After hours crack-down in the Science building

(Photo by Heather Davidson)

It seems that, at least for now, students are going to have to find space other than the science building to study late into the night on campus.

In the past, students have been able to study in the building after lockdown hours, but over the past few weeks special constable services has begun to usher students out at closing.

“I’m very surprised that all of a sudden this has become an issue because nothing is new here, as far as I know,” said Paul Jessop, dean of science at Laurier. “Maybe the degree of enforcement is a little different.”

Monday to Thursday, the building is open until 11:00 p.m. and 6:00 p.m. on the weekend.

“It’s been the rule, but it’s been somewhat lax enforcement, which everybody agreed to,” Jessop said, referring to students technically being unable to remain in the building after lockdown.

During exam time in April, the Science building extended their hours by request of students, closing at 2:00 a.m. It returned to regular hours in May, but Jessop said that since then no one has requested that the hours be extended.

Part of the reason why the building is not open 24/7 in the first place is due to the undergraduate teaching labs and research labs located on the second and third floors, which contain dangerous chemicals and hazardous materials.

“Those labs should be locked at all times,” said Jessop. “But mistakes are made and from time-to-time they’re not locked.”
In the past, Jessop continued, they have considered addressing this by segregating the first floor from the floors above. But due to the expense and “ugly” appearance, they opted against it.

According to Chris Hancocks, operations manager of special constable services, the science department requested they begin enforcing the rule and kicking students out after close.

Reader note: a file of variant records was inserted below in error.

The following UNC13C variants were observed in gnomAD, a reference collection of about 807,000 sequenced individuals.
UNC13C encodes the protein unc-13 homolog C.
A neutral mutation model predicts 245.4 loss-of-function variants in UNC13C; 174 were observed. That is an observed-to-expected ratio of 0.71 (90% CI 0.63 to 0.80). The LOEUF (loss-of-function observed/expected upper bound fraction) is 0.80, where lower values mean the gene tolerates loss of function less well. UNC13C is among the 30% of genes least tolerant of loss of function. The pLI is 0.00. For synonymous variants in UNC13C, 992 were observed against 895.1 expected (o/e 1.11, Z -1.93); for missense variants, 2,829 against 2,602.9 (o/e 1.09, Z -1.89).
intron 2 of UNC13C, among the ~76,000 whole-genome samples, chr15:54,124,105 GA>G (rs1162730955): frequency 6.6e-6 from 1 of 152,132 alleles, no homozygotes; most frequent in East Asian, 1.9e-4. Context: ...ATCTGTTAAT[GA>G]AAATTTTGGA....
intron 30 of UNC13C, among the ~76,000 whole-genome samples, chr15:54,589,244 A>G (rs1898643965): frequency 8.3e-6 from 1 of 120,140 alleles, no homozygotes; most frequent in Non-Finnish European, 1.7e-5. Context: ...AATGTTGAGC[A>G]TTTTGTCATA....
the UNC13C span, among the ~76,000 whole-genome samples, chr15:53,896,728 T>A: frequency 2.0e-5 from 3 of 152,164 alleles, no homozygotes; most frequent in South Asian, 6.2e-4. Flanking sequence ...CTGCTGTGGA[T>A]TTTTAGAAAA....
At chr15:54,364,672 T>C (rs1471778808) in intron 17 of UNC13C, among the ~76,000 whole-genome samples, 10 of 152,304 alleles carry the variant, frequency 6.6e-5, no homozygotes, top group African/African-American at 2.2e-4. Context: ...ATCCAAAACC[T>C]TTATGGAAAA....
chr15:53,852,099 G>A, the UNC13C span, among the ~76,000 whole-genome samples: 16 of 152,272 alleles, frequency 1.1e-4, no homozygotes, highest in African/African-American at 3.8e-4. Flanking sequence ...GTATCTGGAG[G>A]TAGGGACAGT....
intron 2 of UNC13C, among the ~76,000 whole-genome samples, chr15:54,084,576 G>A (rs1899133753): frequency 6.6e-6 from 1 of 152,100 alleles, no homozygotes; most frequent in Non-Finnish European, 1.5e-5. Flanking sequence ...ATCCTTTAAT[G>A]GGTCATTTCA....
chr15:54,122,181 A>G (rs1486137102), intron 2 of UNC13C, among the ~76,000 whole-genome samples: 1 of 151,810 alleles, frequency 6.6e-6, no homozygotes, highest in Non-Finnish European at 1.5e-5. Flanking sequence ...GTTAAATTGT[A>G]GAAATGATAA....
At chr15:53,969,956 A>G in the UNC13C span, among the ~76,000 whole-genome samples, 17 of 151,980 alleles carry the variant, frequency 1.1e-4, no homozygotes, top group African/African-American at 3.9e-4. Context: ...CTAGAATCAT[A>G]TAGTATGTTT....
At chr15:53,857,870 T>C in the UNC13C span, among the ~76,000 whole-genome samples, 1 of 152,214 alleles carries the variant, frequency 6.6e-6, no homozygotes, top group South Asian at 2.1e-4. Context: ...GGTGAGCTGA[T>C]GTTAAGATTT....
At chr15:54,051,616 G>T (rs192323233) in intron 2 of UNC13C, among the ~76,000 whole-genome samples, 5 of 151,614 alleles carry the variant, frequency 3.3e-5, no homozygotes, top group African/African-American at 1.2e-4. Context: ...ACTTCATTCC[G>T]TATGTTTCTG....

Part of the reason for this, he said, is a problem with lost money as a result of the theft in the building.

“The whole problem is students- and we don’t want them to- but students don’t police who comes in and out of the building,” said Hancocks. “So if a student leaves, they prop the door open because they want to come back. Well that leaves the entire building accessible to everyone and anyone.”

As a result, faculty offices, science research offices and labs get broken into and equipment stolen.

“In order to combat that, [the science department] decided they would clear the building except for those people who were authorised to be in there after hours,” said Hancocks.

Students who have research projects, for example, are granted swipe access to the building after hours.

Fred Nichols Campus Centre is the only building on campus right now that is open 24/7.

Hancocks said he would prefer the Science building didn’t move to this schedule.
“It’s an outlying building, it’s along a very busy street. During bar nights and whatnot people cut through that building and cause some damage,” Hancocks continued.

He doesn’t blame the students, but noted that there are many residents in the area.

“We don’t have the people to [watch it],” he said. “We’re too busy responding to calls in order to be in the science building at all times checking to see if somebody is a student or is not a student.”

Jessop and special constables will be meeting with Stephen Franchetto, president of university affairs, on Thursday to discuss the hours in the Science building further.

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